That’s entertainment

When Ditka got to the Cardinals baseball clubhouse to meet Herzog before the game with the Dodgers, he was issued a uniform with No. 89. That was his uniform number during his NFL playing days.

“Ditka and Herzog appeared to enjoy each other’s company,” columnist Kevin Horrigan of the St. Louis Post-Dispatch observed, but both “appeared to be just the least bit embarrassed by what their business partners had gotten them into.”

The Cardinals had lost 10 of their previous 11 games, prompting Herzog to tell Ditka, “Let’s don’t joke around with this too much. Bad as we’re going it doesn’t pay to joke too much.”

Ditka stood 6 feet 3 and weighed 230 pounds, and when Herzog saw him in a size 48 Cardinals jersey, he called Tom Brunansky to come over and said to the strapping right fielder, “He’s going to take batting practice. If he hits one out, I may have to move you out of cleanup.”

Replied Brunansky: “He can have right field as far as I’m concerned. Anything for some run support.”

Brunansky, acquired by the Cardinals from the Twins three months earlier, went to his locker and came back wearing a Minnesota Vikings football T-shirt. “What do you think of this?” he said playfully to Ditka.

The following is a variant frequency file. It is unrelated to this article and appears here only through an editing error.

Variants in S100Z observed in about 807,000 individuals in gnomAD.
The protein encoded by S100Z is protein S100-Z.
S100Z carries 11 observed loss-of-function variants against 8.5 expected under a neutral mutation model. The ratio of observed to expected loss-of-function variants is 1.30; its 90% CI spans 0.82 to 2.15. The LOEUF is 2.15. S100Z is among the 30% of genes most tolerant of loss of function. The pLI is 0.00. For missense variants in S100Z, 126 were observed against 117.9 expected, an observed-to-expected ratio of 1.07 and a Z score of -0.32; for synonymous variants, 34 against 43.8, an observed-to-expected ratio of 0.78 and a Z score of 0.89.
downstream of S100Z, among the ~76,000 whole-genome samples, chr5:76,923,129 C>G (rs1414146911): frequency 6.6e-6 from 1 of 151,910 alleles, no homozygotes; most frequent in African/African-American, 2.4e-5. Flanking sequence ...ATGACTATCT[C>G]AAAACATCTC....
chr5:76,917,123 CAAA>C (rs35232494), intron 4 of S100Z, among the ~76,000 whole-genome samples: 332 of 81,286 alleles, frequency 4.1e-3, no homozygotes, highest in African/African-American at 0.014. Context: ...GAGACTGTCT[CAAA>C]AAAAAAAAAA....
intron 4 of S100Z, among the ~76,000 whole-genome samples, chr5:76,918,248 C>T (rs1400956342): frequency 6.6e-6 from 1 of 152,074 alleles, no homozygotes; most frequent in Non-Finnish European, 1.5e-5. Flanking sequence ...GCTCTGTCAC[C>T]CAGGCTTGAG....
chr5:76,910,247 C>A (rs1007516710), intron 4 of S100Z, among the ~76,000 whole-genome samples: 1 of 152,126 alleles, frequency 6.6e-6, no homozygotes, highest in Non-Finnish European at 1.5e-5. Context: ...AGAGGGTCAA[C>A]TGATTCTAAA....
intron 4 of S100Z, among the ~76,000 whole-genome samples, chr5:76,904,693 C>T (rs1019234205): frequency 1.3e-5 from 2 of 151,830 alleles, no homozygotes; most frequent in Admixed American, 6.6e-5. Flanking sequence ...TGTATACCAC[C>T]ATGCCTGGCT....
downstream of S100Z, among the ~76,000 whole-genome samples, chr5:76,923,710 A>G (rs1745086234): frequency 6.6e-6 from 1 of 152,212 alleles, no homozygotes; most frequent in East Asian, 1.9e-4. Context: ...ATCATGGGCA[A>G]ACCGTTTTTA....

Hit and miss

In the batting cage, Ditka, 48, hit “a couple of soft-liners, a couple of semi-loud fouls,” the Post-Dispatch reported.

According to the Chicago Tribune, Ditka hit “one drive to the warning track after several swings and misses.”

“He’s got a short stroke,” said Herzog. “He’s got potential.”

Ditka gave Cardinals players Bear caps to wear during batting practice. “You know what?” said Herzog. “We hit better with them Bears caps on.”

Wearing his Cardinals uniform with the name Ditka on the back, the Bears coach joined Dodgers coach Bill Russell in presenting team lineup cards at home plate to umpires Tom Hallion, Joe West, Bob Engel and Charlie Williams.